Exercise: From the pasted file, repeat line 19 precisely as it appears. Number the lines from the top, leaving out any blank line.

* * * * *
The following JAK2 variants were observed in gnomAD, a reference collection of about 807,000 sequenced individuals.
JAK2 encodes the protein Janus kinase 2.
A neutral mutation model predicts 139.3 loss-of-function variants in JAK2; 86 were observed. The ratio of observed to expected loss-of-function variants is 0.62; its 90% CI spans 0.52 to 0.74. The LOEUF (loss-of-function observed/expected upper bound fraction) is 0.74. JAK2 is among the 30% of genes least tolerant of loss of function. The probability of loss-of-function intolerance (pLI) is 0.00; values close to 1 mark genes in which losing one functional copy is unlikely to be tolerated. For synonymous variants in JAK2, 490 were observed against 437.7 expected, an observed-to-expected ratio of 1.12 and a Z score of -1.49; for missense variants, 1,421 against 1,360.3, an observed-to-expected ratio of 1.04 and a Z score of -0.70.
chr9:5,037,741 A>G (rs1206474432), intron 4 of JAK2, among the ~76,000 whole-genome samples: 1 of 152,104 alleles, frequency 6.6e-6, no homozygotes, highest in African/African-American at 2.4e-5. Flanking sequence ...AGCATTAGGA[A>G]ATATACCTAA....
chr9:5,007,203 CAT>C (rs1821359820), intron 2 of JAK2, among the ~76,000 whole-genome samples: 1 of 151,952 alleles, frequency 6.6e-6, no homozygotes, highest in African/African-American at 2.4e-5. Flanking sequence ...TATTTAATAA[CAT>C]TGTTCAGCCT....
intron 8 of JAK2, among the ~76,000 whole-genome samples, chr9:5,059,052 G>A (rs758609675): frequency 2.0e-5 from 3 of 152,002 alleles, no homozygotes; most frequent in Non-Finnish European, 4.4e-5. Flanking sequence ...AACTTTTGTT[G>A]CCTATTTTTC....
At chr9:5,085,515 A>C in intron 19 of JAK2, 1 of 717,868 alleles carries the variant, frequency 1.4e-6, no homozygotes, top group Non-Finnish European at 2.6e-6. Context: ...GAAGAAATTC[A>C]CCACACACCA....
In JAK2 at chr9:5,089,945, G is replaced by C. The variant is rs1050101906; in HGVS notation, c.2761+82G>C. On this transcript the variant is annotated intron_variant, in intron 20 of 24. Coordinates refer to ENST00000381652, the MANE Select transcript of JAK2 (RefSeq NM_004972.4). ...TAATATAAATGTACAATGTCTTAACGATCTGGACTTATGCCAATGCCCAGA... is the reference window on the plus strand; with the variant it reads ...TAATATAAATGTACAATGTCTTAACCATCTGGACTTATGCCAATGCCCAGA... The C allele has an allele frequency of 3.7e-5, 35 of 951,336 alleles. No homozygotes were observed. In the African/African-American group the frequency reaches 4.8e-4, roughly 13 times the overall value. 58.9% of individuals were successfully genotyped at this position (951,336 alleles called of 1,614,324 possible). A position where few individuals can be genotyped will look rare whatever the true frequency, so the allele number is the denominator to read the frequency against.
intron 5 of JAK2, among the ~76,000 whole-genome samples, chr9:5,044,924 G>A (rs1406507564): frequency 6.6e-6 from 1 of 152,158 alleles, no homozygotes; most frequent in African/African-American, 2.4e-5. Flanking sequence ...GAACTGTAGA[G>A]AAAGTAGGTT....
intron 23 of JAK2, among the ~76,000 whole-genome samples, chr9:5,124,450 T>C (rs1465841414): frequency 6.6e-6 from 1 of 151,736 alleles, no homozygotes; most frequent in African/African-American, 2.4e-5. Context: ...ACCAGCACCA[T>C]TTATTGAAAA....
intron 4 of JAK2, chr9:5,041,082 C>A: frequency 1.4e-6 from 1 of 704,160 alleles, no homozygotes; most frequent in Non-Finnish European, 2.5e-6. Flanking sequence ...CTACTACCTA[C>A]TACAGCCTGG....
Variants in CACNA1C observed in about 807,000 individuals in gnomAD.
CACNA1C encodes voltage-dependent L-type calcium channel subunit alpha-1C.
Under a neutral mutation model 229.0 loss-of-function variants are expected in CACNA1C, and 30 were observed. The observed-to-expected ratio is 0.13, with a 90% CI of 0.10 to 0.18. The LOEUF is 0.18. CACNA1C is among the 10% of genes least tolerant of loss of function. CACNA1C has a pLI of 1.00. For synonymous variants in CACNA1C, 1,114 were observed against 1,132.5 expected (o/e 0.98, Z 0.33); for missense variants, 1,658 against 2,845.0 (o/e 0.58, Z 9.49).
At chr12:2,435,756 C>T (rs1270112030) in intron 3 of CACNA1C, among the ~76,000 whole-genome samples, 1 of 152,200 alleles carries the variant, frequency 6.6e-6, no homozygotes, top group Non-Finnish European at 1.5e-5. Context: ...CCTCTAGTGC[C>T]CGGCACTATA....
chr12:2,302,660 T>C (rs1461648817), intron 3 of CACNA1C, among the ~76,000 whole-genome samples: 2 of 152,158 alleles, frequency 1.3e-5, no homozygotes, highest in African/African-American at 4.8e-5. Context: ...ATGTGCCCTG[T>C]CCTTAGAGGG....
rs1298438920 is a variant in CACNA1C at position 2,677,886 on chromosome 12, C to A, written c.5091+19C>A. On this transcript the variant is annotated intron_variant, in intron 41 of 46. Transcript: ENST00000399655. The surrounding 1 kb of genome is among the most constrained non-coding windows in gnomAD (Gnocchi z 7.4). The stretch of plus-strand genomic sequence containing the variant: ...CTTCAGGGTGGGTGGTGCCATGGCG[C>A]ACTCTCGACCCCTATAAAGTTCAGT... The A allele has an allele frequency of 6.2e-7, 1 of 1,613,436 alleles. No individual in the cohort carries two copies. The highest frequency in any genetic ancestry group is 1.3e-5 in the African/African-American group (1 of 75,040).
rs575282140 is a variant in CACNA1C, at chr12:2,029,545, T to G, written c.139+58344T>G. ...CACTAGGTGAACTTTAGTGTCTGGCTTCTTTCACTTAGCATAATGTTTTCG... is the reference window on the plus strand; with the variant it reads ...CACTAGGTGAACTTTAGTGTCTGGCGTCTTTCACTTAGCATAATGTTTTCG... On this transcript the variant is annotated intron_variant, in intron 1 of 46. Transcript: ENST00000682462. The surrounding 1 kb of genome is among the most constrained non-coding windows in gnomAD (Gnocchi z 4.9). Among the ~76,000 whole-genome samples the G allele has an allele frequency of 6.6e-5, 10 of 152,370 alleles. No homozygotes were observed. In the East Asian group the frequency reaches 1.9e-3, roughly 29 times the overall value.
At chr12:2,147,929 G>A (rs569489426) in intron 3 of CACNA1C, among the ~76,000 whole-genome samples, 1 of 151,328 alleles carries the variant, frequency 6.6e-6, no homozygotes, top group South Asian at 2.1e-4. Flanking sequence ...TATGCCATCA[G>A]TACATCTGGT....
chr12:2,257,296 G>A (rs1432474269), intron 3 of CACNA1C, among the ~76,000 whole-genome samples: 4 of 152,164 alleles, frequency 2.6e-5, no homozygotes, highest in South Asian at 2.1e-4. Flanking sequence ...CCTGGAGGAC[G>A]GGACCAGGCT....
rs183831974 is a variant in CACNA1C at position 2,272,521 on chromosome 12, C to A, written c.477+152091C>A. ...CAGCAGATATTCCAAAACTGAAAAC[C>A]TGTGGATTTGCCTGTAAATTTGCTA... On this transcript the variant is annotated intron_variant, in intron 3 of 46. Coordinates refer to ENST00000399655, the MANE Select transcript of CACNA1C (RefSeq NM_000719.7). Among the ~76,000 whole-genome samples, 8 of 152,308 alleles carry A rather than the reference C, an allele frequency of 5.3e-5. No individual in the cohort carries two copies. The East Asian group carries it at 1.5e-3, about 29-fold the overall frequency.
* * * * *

At chr12:2,147,929 G>A (rs569489426) in intron 3 of CACNA1C, among the ~76,000 whole-genome samples, 1 of 151,328 alleles carries the variant, frequency 6.6e-6, no homozygotes, top group South Asian at 2.1e-4. Flanking sequence ...TATGCCATCA[G>A]TACATCTGGT....